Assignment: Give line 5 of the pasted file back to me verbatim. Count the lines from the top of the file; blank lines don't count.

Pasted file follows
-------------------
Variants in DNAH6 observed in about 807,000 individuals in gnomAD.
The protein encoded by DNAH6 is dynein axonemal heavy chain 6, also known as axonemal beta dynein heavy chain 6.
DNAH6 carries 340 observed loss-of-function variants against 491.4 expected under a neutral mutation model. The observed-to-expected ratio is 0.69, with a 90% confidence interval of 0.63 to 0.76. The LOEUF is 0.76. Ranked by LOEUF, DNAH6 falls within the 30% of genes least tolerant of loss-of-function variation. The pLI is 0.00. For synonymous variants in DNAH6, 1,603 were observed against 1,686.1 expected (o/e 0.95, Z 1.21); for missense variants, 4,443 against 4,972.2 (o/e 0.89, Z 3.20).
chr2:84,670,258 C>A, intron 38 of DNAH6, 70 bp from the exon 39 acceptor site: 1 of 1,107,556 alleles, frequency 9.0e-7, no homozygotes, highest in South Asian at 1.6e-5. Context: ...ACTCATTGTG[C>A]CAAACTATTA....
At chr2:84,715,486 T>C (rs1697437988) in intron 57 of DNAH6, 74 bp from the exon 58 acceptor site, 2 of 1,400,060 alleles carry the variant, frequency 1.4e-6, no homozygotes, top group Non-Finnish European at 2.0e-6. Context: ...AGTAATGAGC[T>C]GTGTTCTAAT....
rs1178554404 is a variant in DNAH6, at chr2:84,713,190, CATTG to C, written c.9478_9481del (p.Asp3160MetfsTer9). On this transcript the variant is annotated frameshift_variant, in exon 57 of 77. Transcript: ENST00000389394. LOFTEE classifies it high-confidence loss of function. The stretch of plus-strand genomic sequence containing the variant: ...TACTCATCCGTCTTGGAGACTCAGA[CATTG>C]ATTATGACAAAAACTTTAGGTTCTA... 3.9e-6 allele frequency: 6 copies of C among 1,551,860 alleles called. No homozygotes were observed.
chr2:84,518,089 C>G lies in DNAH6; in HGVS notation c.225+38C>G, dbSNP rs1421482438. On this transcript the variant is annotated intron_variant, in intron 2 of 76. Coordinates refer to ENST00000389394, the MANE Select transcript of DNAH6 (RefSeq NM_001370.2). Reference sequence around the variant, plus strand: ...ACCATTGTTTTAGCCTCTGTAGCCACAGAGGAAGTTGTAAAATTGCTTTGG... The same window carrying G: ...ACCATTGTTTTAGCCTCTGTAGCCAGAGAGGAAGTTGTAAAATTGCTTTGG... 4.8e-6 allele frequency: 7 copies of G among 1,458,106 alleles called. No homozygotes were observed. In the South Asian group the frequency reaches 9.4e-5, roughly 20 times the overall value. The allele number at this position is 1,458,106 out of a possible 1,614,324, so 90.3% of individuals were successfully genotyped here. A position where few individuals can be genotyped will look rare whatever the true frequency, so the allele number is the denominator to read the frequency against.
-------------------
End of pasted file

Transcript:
At chr2:84,715,486 T>C (rs1697437988) in intron 57 of DNAH6, 74 bp from the exon 58 acceptor site, 2 of 1,400,060 alleles carry the variant, frequency 1.4e-6, no homozygotes, top group Non-Finnish European at 2.0e-6. Context: ...AGTAATGAGC[T>C]GTGTTCTAAT....